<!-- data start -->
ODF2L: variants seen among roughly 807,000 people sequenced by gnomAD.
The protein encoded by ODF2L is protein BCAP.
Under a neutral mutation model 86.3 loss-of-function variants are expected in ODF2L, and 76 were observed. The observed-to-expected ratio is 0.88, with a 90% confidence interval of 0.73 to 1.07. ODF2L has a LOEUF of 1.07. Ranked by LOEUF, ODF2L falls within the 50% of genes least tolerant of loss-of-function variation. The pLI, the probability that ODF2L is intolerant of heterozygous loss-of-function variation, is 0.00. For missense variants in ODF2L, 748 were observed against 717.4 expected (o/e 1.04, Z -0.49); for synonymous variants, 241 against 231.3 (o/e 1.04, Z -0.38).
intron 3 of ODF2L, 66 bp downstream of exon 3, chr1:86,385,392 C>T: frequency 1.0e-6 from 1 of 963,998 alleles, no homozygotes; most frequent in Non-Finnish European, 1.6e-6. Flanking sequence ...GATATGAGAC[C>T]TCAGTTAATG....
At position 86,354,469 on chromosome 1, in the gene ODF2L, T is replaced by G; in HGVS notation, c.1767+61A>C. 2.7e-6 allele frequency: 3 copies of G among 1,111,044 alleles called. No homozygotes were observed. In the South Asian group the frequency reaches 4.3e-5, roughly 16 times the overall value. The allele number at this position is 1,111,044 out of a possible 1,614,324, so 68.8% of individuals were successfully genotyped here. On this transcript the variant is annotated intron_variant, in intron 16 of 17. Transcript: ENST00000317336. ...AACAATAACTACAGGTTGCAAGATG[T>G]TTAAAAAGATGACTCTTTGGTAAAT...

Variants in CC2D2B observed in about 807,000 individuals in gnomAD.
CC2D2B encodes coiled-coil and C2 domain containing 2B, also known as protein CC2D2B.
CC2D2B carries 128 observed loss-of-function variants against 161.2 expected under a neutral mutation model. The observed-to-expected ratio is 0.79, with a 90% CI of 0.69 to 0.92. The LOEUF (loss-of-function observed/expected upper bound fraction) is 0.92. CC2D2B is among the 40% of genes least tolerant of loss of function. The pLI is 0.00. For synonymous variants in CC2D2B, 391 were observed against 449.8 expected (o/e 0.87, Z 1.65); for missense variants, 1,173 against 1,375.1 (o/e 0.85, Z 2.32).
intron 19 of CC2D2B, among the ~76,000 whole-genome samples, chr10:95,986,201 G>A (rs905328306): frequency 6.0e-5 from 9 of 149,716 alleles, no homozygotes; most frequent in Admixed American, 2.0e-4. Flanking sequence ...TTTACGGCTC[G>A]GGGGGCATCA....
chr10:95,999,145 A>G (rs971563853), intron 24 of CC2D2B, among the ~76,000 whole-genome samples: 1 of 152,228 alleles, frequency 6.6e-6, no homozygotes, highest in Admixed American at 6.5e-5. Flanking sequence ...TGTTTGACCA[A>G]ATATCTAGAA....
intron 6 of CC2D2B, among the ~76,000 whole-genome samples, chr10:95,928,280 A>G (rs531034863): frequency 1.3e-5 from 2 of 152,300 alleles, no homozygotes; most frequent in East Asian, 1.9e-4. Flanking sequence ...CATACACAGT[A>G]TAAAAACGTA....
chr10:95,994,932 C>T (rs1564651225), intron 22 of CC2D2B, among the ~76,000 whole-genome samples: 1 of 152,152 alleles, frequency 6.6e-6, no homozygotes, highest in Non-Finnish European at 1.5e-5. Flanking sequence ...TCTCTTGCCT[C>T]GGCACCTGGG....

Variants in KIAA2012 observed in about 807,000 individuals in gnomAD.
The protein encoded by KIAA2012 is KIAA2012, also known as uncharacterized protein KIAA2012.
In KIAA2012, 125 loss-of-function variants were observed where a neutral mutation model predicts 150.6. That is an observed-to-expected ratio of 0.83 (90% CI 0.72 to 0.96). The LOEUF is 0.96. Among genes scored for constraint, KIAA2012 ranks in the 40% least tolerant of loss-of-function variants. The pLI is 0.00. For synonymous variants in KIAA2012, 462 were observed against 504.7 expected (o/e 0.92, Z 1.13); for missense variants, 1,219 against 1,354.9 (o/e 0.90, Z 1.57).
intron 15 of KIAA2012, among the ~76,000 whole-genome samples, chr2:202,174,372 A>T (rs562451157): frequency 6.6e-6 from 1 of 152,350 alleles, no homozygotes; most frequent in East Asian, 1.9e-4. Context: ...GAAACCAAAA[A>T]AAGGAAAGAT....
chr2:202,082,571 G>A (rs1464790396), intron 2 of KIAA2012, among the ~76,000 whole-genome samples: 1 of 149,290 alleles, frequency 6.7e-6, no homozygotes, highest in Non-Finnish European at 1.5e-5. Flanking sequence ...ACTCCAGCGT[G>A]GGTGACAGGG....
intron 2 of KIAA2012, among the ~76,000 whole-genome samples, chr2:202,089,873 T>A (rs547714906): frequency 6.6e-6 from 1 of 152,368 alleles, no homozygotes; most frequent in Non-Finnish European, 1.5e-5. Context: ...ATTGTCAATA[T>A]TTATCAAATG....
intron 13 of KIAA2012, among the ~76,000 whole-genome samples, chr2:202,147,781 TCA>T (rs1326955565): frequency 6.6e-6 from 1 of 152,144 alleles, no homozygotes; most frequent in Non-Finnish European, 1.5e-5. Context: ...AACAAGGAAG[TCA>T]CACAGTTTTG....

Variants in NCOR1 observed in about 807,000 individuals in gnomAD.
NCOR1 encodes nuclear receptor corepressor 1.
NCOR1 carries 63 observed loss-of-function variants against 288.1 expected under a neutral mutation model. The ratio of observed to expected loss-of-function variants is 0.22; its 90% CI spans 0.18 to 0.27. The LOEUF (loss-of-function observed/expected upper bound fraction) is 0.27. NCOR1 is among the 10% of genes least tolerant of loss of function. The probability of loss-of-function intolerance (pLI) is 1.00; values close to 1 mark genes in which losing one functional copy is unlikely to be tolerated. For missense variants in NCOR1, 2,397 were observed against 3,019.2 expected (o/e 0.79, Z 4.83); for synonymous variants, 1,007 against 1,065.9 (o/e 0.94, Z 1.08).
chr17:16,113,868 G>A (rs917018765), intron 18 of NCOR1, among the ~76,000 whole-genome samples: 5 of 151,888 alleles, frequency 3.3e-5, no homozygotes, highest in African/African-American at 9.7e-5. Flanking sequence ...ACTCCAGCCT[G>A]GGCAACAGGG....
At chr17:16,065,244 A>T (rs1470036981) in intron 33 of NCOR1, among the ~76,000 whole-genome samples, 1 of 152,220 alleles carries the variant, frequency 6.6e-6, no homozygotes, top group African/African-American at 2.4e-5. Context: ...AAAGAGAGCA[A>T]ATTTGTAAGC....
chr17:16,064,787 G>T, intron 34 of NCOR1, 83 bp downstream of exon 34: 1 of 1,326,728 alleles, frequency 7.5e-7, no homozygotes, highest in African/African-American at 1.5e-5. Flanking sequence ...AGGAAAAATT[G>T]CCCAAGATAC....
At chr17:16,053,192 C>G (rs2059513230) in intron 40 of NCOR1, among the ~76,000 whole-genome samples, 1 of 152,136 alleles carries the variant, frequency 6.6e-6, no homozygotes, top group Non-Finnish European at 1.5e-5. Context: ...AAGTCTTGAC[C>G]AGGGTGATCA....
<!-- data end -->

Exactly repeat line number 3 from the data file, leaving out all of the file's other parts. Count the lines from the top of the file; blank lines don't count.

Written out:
Under a neutral mutation model 86.3 loss-of-function variants are expected in ODF2L, and 76 were observed. The observed-to-expected ratio is 0.88, with a 90% confidence interval of 0.73 to 1.07. ODF2L has a LOEUF of 1.07. Ranked by LOEUF, ODF2L falls within the 50% of genes least tolerant of loss-of-function variation. The pLI, the probability that ODF2L is intolerant of heterozygous loss-of-function variation, is 0.00. For missense variants in ODF2L, 748 were observed against 717.4 expected (o/e 1.04, Z -0.49); for synonymous variants, 241 against 231.3 (o/e 1.04, Z -0.38).